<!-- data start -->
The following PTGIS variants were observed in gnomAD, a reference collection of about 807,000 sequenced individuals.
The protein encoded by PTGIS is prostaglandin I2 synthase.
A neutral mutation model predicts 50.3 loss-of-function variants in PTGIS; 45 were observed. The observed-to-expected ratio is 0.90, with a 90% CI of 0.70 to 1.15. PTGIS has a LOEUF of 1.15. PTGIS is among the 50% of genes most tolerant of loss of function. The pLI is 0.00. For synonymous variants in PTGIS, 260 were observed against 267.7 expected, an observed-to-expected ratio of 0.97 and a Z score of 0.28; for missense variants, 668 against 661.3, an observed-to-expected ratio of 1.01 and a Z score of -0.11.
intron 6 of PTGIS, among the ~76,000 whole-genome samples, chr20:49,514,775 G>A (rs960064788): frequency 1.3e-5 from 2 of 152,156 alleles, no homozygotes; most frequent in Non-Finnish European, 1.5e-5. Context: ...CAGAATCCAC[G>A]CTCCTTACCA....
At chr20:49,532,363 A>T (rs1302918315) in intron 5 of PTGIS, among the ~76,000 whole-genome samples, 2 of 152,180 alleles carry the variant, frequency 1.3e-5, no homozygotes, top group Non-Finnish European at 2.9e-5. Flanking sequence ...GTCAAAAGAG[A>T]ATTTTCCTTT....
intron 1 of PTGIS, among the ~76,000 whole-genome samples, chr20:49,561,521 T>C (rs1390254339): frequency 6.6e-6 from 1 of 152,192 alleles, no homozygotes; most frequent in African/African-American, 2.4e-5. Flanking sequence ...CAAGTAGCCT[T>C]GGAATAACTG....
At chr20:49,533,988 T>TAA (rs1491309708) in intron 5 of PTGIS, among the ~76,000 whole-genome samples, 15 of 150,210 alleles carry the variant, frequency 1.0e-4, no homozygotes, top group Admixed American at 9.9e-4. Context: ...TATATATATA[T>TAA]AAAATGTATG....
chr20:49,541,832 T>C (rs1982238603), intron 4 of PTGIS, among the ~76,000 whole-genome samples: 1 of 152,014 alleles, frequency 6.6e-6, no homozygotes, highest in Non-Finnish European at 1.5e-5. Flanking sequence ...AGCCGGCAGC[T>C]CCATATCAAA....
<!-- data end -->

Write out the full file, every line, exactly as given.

The following PTGIS variants were observed in gnomAD, a reference collection of about 807,000 sequenced individuals.
The protein encoded by PTGIS is prostaglandin I2 synthase.
A neutral mutation model predicts 50.3 loss-of-function variants in PTGIS; 45 were observed. The observed-to-expected ratio is 0.90, with a 90% CI of 0.70 to 1.15. PTGIS has a LOEUF of 1.15. PTGIS is among the 50% of genes most tolerant of loss of function. The pLI is 0.00. For synonymous variants in PTGIS, 260 were observed against 267.7 expected, an observed-to-expected ratio of 0.97 and a Z score of 0.28; for missense variants, 668 against 661.3, an observed-to-expected ratio of 1.01 and a Z score of -0.11.
intron 6 of PTGIS, among the ~76,000 whole-genome samples, chr20:49,514,775 G>A (rs960064788): frequency 1.3e-5 from 2 of 152,156 alleles, no homozygotes; most frequent in Non-Finnish European, 1.5e-5. Context: ...CAGAATCCAC[G>A]CTCCTTACCA....
At chr20:49,532,363 A>T (rs1302918315) in intron 5 of PTGIS, among the ~76,000 whole-genome samples, 2 of 152,180 alleles carry the variant, frequency 1.3e-5, no homozygotes, top group Non-Finnish European at 2.9e-5. Flanking sequence ...GTCAAAAGAG[A>T]ATTTTCCTTT....
intron 1 of PTGIS, among the ~76,000 whole-genome samples, chr20:49,561,521 T>C (rs1390254339): frequency 6.6e-6 from 1 of 152,192 alleles, no homozygotes; most frequent in African/African-American, 2.4e-5. Flanking sequence ...CAAGTAGCCT[T>C]GGAATAACTG....
At chr20:49,533,988 T>TAA (rs1491309708) in intron 5 of PTGIS, among the ~76,000 whole-genome samples, 15 of 150,210 alleles carry the variant, frequency 1.0e-4, no homozygotes, top group Admixed American at 9.9e-4. Context: ...TATATATATA[T>TAA]AAAATGTATG....
chr20:49,541,832 T>C (rs1982238603), intron 4 of PTGIS, among the ~76,000 whole-genome samples: 1 of 152,014 alleles, frequency 6.6e-6, no homozygotes, highest in Non-Finnish European at 1.5e-5. Flanking sequence ...AGCCGGCAGC[T>C]CCATATCAAA....